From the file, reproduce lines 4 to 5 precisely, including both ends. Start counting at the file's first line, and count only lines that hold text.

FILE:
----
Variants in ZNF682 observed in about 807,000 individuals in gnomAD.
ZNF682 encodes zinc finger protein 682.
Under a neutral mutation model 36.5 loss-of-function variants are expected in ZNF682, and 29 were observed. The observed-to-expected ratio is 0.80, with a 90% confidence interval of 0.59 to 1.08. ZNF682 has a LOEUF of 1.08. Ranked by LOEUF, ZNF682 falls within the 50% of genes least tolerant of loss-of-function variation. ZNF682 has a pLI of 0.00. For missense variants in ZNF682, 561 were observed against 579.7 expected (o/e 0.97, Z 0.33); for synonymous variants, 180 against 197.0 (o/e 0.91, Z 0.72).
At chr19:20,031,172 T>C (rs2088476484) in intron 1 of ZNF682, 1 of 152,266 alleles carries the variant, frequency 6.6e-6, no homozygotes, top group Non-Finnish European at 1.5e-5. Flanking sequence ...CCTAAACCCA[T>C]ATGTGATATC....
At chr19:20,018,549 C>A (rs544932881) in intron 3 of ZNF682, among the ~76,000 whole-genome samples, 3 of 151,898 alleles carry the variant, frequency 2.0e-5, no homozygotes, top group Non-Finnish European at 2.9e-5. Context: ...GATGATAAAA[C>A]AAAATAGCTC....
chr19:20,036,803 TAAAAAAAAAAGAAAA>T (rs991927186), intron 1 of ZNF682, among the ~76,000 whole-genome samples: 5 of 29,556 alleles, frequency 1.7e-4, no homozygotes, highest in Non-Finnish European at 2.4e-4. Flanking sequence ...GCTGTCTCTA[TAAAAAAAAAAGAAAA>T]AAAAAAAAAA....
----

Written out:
At chr19:20,031,172 T>C (rs2088476484) in intron 1 of ZNF682, 1 of 152,266 alleles carries the variant, frequency 6.6e-6, no homozygotes, top group Non-Finnish European at 1.5e-5. Flanking sequence ...CCTAAACCCA[T>C]ATGTGATATC....
At chr19:20,018,549 C>A (rs544932881) in intron 3 of ZNF682, among the ~76,000 whole-genome samples, 3 of 151,898 alleles carry the variant, frequency 2.0e-5, no homozygotes, top group Non-Finnish European at 2.9e-5. Context: ...GATGATAAAA[C>A]AAAATAGCTC....